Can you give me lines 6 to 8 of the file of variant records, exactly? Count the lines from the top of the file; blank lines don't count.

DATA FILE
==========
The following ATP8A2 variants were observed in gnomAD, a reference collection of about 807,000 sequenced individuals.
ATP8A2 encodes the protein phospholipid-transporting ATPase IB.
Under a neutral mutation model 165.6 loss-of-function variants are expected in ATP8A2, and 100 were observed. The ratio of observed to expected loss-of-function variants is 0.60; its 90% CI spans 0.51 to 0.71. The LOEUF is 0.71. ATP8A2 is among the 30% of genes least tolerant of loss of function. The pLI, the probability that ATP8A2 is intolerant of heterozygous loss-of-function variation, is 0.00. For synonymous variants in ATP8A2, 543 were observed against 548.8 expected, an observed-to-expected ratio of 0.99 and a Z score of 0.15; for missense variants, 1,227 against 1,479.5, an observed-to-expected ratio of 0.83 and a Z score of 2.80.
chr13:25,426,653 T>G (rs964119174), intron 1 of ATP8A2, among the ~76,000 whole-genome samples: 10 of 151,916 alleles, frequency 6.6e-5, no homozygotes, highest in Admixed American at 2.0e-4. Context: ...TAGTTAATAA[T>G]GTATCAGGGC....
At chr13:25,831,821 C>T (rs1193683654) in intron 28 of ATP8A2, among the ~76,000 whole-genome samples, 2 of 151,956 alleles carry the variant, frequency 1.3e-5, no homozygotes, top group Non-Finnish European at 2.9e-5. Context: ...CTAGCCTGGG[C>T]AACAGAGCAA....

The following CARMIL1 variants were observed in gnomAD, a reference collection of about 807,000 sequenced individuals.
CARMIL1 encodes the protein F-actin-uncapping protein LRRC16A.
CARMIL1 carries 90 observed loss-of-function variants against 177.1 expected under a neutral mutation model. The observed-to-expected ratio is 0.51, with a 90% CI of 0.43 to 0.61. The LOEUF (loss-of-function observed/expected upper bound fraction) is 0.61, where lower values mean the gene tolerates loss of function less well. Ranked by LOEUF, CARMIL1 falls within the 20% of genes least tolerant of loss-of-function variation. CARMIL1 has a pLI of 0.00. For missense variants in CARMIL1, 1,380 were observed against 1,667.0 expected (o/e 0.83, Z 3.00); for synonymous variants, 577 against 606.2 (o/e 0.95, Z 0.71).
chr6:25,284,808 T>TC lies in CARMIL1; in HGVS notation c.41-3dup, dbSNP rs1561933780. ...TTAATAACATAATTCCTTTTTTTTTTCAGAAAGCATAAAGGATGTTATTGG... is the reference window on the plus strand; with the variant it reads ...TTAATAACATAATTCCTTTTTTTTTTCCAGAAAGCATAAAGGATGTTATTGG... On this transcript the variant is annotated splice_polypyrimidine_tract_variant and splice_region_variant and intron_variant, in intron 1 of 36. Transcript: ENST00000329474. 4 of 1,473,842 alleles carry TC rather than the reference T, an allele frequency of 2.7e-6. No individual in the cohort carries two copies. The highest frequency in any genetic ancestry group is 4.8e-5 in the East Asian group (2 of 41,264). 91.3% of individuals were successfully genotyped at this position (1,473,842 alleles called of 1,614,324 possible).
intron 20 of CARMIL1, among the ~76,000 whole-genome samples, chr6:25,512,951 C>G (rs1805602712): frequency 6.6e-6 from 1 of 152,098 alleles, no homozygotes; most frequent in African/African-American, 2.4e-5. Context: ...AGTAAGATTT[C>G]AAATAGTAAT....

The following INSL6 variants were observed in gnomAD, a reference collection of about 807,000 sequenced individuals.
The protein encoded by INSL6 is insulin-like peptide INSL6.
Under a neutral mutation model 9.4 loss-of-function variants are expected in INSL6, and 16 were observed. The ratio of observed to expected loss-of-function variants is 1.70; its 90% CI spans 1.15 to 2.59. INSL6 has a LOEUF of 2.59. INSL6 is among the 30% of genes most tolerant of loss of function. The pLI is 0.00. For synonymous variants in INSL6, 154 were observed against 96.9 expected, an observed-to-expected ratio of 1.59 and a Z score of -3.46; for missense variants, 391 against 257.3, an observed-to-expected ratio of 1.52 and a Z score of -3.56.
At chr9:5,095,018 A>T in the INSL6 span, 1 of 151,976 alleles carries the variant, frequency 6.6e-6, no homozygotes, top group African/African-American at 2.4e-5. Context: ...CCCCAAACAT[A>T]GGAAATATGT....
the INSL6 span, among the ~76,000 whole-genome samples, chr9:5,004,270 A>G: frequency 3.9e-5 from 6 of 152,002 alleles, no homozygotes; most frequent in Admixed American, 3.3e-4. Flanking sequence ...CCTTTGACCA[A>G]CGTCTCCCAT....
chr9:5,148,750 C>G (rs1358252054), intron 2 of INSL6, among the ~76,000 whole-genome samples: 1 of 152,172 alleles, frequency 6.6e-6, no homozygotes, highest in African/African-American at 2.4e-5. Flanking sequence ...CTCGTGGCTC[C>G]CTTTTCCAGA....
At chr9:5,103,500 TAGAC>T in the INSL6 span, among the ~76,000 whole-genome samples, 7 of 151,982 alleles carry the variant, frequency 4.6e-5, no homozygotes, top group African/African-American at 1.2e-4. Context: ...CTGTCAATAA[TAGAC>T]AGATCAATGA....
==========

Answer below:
The following CARMIL1 variants were observed in gnomAD, a reference collection of about 807,000 sequenced individuals.
CARMIL1 encodes the protein F-actin-uncapping protein LRRC16A.
CARMIL1 carries 90 observed loss-of-function variants against 177.1 expected under a neutral mutation model. The observed-to-expected ratio is 0.51, with a 90% CI of 0.43 to 0.61. The LOEUF (loss-of-function observed/expected upper bound fraction) is 0.61, where lower values mean the gene tolerates loss of function less well. Ranked by LOEUF, CARMIL1 falls within the 20% of genes least tolerant of loss-of-function variation. CARMIL1 has a pLI of 0.00. For missense variants in CARMIL1, 1,380 were observed against 1,667.0 expected (o/e 0.83, Z 3.00); for synonymous variants, 577 against 606.2 (o/e 0.95, Z 0.71).